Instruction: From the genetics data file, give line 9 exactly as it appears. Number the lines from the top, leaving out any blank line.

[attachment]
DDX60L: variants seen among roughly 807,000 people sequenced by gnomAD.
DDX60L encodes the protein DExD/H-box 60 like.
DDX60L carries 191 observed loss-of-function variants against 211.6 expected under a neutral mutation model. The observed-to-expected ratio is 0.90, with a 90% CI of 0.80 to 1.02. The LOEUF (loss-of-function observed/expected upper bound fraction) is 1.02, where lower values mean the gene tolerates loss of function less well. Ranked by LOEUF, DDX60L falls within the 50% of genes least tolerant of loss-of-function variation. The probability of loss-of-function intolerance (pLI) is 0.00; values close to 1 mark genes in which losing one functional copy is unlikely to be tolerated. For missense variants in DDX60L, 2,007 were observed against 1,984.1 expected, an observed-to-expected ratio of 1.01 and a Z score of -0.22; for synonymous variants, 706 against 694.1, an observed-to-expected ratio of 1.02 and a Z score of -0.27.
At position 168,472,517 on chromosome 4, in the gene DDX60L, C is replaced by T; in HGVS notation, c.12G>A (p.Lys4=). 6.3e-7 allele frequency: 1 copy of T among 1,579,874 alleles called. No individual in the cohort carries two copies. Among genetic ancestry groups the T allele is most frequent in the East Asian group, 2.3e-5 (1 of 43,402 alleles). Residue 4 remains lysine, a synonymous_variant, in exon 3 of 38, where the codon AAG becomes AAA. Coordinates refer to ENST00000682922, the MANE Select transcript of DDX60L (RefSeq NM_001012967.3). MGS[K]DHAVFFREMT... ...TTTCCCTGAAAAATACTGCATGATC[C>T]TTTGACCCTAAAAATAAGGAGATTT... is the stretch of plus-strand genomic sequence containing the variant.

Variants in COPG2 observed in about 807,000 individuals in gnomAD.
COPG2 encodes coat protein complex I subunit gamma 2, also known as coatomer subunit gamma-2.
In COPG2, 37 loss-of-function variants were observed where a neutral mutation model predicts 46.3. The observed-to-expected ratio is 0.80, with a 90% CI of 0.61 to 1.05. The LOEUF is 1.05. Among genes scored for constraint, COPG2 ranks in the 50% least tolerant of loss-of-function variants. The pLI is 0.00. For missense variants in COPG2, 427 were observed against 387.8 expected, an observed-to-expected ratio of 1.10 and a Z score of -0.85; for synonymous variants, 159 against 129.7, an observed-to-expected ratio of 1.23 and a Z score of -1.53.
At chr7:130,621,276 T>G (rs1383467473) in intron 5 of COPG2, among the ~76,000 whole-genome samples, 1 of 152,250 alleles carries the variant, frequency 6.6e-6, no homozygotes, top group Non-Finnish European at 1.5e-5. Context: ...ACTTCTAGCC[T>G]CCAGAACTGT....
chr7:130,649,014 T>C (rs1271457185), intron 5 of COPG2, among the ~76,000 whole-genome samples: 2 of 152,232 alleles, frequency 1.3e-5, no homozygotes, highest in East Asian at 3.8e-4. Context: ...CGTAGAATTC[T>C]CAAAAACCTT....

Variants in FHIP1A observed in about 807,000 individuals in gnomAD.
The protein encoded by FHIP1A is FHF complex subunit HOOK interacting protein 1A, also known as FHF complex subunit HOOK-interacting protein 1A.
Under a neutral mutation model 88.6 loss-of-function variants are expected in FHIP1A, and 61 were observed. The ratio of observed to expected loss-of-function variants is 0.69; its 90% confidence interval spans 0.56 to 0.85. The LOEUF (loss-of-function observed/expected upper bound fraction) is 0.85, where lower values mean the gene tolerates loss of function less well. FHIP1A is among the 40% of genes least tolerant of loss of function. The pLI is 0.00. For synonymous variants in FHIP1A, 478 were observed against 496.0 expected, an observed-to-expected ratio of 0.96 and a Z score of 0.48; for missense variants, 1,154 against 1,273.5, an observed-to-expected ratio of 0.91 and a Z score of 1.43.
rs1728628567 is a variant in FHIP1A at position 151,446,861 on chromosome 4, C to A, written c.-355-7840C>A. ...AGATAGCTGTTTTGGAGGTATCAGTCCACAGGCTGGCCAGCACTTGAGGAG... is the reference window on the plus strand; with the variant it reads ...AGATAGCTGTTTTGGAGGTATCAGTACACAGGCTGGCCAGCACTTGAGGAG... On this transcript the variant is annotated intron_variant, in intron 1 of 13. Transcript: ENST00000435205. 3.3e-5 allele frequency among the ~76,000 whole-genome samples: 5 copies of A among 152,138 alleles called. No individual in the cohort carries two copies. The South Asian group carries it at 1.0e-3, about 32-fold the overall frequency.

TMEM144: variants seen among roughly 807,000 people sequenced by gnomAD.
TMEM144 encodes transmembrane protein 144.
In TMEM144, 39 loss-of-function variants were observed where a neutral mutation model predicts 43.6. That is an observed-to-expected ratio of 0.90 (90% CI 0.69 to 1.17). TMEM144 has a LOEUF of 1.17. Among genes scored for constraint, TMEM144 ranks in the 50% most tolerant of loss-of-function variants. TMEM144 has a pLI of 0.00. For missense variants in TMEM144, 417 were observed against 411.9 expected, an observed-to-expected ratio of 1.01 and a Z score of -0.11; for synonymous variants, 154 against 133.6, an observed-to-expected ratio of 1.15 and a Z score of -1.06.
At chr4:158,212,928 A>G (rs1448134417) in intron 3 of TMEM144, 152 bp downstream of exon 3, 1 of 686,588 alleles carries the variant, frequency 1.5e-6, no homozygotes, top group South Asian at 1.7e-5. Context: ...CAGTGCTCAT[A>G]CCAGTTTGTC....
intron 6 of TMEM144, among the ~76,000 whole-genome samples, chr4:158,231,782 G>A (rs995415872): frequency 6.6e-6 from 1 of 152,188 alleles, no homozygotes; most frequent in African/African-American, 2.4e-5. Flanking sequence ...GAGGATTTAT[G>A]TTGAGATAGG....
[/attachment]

chr7:130,649,014 T>C (rs1271457185), intron 5 of COPG2, among the ~76,000 whole-genome samples: 2 of 152,232 alleles, frequency 1.3e-5, no homozygotes, highest in East Asian at 3.8e-4. Context: ...CGTAGAATTC[T>C]CAAAAACCTT....